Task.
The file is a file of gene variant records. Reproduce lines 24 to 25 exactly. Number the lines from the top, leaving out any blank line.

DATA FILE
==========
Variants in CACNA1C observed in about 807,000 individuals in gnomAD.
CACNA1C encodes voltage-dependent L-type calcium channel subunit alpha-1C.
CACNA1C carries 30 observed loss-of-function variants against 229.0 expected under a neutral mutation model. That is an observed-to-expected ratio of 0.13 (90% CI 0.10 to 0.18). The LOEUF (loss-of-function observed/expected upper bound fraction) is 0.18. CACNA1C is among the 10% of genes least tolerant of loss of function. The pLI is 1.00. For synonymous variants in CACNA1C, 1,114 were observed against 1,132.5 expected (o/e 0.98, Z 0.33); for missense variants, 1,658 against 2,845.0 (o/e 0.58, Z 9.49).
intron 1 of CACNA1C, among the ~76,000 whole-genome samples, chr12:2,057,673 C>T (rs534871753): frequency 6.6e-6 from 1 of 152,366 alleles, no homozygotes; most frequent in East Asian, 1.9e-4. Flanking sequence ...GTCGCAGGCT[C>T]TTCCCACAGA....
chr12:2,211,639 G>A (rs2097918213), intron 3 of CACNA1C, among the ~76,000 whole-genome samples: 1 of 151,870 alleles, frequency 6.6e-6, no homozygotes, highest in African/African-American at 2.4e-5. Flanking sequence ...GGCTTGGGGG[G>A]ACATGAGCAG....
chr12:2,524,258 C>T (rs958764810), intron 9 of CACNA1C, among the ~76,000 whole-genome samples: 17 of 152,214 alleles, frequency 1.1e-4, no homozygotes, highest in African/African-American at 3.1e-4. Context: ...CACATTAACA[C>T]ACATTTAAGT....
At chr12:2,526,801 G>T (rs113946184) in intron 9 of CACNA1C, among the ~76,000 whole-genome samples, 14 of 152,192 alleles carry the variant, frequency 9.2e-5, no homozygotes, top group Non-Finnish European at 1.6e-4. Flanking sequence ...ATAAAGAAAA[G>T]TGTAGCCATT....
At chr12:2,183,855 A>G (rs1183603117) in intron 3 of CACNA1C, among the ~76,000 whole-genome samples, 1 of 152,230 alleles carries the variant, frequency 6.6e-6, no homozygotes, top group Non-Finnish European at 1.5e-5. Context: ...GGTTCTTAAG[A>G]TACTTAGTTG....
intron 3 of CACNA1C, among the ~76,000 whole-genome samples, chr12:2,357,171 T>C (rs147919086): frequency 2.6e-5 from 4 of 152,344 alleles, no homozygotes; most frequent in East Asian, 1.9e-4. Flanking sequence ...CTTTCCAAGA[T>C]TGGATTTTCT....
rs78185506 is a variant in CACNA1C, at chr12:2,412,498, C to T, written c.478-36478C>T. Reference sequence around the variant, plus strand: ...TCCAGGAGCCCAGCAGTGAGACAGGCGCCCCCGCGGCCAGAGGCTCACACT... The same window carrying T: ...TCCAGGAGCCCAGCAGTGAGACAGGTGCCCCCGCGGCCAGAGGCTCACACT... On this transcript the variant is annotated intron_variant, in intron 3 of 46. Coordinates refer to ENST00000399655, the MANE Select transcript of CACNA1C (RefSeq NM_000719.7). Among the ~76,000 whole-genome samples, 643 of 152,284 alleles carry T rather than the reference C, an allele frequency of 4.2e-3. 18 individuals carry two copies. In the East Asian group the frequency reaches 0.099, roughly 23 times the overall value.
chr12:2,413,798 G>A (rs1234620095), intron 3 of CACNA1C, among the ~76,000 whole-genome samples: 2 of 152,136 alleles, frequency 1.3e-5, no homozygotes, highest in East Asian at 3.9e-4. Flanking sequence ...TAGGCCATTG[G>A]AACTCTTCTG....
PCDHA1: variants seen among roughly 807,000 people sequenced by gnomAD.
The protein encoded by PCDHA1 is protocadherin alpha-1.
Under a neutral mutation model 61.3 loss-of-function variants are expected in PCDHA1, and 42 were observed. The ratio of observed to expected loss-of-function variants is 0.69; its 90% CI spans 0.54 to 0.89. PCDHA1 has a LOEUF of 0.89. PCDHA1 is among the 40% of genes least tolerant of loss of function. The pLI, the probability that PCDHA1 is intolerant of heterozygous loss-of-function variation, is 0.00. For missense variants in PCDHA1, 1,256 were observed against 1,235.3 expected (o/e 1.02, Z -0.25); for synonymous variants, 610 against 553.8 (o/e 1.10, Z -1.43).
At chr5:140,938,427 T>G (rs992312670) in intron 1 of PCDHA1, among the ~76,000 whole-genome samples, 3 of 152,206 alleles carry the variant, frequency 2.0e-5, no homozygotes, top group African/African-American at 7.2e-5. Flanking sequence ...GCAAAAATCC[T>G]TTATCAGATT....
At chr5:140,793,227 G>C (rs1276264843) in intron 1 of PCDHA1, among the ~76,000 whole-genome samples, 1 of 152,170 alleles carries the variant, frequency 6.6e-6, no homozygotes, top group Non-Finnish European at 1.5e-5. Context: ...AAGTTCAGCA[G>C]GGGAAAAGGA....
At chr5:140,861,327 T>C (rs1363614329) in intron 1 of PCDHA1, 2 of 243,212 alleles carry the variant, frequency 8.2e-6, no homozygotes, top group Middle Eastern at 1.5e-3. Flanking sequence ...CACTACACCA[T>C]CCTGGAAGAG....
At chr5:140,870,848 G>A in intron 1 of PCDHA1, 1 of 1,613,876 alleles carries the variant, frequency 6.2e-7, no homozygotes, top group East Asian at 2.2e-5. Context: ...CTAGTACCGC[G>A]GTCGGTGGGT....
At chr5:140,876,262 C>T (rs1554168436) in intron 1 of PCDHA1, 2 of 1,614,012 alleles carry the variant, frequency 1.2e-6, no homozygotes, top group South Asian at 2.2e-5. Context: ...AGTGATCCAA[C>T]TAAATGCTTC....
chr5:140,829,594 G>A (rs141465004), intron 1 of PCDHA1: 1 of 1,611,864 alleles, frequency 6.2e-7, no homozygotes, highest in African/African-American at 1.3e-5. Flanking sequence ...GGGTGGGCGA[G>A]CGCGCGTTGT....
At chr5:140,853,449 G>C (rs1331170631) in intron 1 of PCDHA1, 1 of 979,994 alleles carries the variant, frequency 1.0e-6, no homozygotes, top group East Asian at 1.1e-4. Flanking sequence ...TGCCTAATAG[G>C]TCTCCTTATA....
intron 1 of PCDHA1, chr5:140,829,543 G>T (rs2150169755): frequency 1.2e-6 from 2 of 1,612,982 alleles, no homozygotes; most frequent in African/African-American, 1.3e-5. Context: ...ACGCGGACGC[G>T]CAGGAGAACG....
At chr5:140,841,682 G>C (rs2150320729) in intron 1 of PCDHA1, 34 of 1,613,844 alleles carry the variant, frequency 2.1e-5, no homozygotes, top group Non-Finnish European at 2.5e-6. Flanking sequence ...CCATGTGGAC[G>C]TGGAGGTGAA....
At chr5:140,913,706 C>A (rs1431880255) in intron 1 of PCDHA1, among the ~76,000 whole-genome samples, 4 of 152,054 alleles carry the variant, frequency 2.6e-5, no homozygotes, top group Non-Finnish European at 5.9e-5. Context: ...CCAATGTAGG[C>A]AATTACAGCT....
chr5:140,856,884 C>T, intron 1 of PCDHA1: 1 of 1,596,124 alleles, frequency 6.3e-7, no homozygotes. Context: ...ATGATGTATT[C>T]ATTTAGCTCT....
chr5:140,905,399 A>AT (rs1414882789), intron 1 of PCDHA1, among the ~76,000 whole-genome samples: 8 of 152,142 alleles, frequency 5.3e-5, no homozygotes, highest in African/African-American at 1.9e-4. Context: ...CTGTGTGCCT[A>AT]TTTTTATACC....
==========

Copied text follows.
At chr5:140,913,706 C>A (rs1431880255) in intron 1 of PCDHA1, among the ~76,000 whole-genome samples, 4 of 152,054 alleles carry the variant, frequency 2.6e-5, no homozygotes, top group Non-Finnish European at 5.9e-5. Context: ...CCAATGTAGG[C>A]AATTACAGCT....
chr5:140,856,884 C>T, intron 1 of PCDHA1: 1 of 1,596,124 alleles, frequency 6.3e-7, no homozygotes. Context: ...ATGATGTATT[C>T]ATTTAGCTCT....